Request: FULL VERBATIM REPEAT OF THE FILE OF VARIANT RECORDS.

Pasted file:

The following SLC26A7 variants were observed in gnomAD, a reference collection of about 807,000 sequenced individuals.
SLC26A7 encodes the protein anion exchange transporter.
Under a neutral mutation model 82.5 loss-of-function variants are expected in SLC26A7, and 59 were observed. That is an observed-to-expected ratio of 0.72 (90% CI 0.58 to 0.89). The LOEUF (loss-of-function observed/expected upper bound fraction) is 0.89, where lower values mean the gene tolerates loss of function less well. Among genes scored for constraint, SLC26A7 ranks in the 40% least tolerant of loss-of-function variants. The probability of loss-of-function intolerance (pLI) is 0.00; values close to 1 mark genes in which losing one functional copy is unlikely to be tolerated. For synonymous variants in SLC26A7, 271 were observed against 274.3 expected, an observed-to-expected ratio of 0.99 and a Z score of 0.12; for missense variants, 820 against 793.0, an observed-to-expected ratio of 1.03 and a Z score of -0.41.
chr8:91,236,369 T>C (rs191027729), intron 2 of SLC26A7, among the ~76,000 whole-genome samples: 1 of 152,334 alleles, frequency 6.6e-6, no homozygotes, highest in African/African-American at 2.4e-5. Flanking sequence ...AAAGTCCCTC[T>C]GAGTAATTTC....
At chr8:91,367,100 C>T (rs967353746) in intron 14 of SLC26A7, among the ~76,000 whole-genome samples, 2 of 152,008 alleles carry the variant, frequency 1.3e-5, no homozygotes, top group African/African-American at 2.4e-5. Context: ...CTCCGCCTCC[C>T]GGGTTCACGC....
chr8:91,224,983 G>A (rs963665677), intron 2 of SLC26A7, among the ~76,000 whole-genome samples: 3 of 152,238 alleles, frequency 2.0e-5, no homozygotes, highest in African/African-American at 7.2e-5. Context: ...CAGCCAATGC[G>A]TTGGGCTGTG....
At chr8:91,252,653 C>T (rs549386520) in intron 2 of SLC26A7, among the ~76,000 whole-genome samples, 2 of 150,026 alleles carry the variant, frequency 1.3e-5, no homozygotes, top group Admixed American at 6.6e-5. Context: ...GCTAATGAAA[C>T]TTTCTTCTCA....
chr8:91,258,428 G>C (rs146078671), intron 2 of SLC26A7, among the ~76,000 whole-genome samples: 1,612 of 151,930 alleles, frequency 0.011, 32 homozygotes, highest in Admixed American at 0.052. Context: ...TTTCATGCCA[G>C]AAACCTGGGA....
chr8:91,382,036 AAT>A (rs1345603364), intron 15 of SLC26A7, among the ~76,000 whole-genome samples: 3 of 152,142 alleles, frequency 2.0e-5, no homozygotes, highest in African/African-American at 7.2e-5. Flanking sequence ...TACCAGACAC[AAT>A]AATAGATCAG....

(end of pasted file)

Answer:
The following SLC26A7 variants were observed in gnomAD, a reference collection of about 807,000 sequenced individuals.
SLC26A7 encodes the protein anion exchange transporter.
Under a neutral mutation model 82.5 loss-of-function variants are expected in SLC26A7, and 59 were observed. That is an observed-to-expected ratio of 0.72 (90% CI 0.58 to 0.89). The LOEUF (loss-of-function observed/expected upper bound fraction) is 0.89, where lower values mean the gene tolerates loss of function less well. Among genes scored for constraint, SLC26A7 ranks in the 40% least tolerant of loss-of-function variants. The probability of loss-of-function intolerance (pLI) is 0.00; values close to 1 mark genes in which losing one functional copy is unlikely to be tolerated. For synonymous variants in SLC26A7, 271 were observed against 274.3 expected, an observed-to-expected ratio of 0.99 and a Z score of 0.12; for missense variants, 820 against 793.0, an observed-to-expected ratio of 1.03 and a Z score of -0.41.
chr8:91,236,369 T>C (rs191027729), intron 2 of SLC26A7, among the ~76,000 whole-genome samples: 1 of 152,334 alleles, frequency 6.6e-6, no homozygotes, highest in African/African-American at 2.4e-5. Flanking sequence ...AAAGTCCCTC[T>C]GAGTAATTTC....
At chr8:91,367,100 C>T (rs967353746) in intron 14 of SLC26A7, among the ~76,000 whole-genome samples, 2 of 152,008 alleles carry the variant, frequency 1.3e-5, no homozygotes, top group African/African-American at 2.4e-5. Context: ...CTCCGCCTCC[C>T]GGGTTCACGC....
chr8:91,224,983 G>A (rs963665677), intron 2 of SLC26A7, among the ~76,000 whole-genome samples: 3 of 152,238 alleles, frequency 2.0e-5, no homozygotes, highest in African/African-American at 7.2e-5. Context: ...CAGCCAATGC[G>A]TTGGGCTGTG....
At chr8:91,252,653 C>T (rs549386520) in intron 2 of SLC26A7, among the ~76,000 whole-genome samples, 2 of 150,026 alleles carry the variant, frequency 1.3e-5, no homozygotes, top group Admixed American at 6.6e-5. Context: ...GCTAATGAAA[C>T]TTTCTTCTCA....
chr8:91,258,428 G>C (rs146078671), intron 2 of SLC26A7, among the ~76,000 whole-genome samples: 1,612 of 151,930 alleles, frequency 0.011, 32 homozygotes, highest in Admixed American at 0.052. Context: ...TTTCATGCCA[G>C]AAACCTGGGA....
chr8:91,382,036 AAT>A (rs1345603364), intron 15 of SLC26A7, among the ~76,000 whole-genome samples: 3 of 152,142 alleles, frequency 2.0e-5, no homozygotes, highest in African/African-American at 7.2e-5. Flanking sequence ...TACCAGACAC[AAT>A]AATAGATCAG....